Sensitivity to oil’s price. (page 1 )
There is no oversupply now. (page 2 )
Onshoring. (page 3 )
Speed will be a Peak Oil casualty. (page 3 )
Consumers and electric vehicles. (page 4 )
Water: Is there a limit?
The relationship between water and energy is very tight so when one or the other is in short supply both are squeezed. Therefore when this headline appeared on Upstream last week it was not a surprise.
“Texas imposing water limits on fracking”
This quote from the article helps to illustrate that in the world of energy and water only energy is priced. “Breitling recently trucked 3.5 million gallons of water 50 miles to a drilling site in North Texas’ Hemphill County to avoid having to obtain water locally. The $68,000 it paid was a fraction of the $3.5 million it cost for fracking the well, Faulkner said.”
Until the U.S. and world get a price on water this out of balance relationship between energy and water will continue. For now energy has drawn the ace card and only the possibility of contamination from energy production has been a point of contention. But how long will water be made available as in the example above for less than 2 cents per gallon? What happens to the economics of that fracked well at 5, 10 or 20 cents per gallon?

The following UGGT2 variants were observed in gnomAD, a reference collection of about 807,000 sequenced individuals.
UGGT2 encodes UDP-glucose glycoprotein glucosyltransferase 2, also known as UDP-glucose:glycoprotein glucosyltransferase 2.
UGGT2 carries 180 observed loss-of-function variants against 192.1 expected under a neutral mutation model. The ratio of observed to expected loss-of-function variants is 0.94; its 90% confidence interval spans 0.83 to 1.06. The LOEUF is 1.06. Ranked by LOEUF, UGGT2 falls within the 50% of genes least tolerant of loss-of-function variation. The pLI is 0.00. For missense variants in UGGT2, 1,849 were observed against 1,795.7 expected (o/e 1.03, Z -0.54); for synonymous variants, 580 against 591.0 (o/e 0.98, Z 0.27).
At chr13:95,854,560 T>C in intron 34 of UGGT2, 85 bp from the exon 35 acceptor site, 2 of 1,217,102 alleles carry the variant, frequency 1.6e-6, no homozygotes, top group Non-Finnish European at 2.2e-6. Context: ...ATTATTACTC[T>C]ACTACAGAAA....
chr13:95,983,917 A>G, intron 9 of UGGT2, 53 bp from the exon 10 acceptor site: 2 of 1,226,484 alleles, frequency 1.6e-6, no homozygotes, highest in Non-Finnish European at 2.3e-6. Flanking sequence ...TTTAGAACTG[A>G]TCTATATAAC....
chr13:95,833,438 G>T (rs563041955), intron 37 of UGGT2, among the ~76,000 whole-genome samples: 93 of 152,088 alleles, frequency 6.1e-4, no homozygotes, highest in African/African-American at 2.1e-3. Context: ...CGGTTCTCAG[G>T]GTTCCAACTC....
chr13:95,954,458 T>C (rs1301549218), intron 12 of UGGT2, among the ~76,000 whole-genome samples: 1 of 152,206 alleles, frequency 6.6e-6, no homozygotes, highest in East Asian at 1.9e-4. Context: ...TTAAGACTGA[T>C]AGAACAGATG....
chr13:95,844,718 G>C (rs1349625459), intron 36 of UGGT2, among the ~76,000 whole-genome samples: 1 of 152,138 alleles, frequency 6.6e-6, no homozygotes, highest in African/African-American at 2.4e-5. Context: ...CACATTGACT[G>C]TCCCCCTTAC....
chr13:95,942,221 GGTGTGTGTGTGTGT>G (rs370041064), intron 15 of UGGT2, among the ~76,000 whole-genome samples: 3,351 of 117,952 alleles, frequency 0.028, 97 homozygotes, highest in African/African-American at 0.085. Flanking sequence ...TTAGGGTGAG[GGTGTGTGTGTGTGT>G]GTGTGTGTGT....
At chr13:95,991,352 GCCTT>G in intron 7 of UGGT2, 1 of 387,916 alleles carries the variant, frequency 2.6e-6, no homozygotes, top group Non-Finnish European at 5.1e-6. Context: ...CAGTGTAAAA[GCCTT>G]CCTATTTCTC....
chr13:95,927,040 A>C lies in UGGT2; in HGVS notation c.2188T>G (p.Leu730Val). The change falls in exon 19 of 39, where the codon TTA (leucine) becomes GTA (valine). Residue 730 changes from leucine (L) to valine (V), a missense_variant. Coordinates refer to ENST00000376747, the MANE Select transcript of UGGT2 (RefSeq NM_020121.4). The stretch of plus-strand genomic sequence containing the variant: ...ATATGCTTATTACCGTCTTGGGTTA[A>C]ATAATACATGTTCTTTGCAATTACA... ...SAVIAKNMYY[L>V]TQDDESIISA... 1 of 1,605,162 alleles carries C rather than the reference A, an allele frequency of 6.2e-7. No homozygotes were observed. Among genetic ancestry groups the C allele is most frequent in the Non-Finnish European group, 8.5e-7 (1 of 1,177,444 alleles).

Of course students of the water situation know that the question asked above is bogus. That $68,000 paid for the water was really just the cost of transport. The water itself was essentially free. That is right, that water just like the water piped to your house is essentially free. You are really simply paying for its delivery when you pay your water bill. So in the case of Mr. Faulkner’s well he was really just paying for the diesel fuel and the truckers time to transport it to his well.
You are thinking no way. Consider the tanker truck is hauling something near 9,000 gallons per trip. Do some simple math and figure out how many trips are required to move 3.5 million gallons. 50 miles per trip with average fuel mileage of 5 mpg or probably lower since most likely they were not ideal roads (bet the driver didn’t turn the engine off at the end of each trip either). This also assumes that the 50 miles was roundtrip miles. If not it could be much worse if that is just the one way distance. Pay over $3.00/gallon for diesel. Add in something for the trucker who probably didn’t make much either and the water had to be free to bring the cost in near $68,000.
Using that volume of diesel fuel may blow a big hole in the well’s net energy just to haul a little water. Ok a lot of water.
In the “The Big Thirst” the author made it clear that when you begin to talk about people’s water you enter a new world of emotion and beliefs. So even in Texas where the oil and gas industry has been king for decades the throne and crown may ultimately belong to water.
Without nearly free water does fracking work? Given that cheap energy is necessary to provide the nearly free water how long can water remain essentially free in the face of escalating energy costs. In fact without nearly free water how many other things in our society don’t work? This is a question the world faces now; it is not one for tomorrow.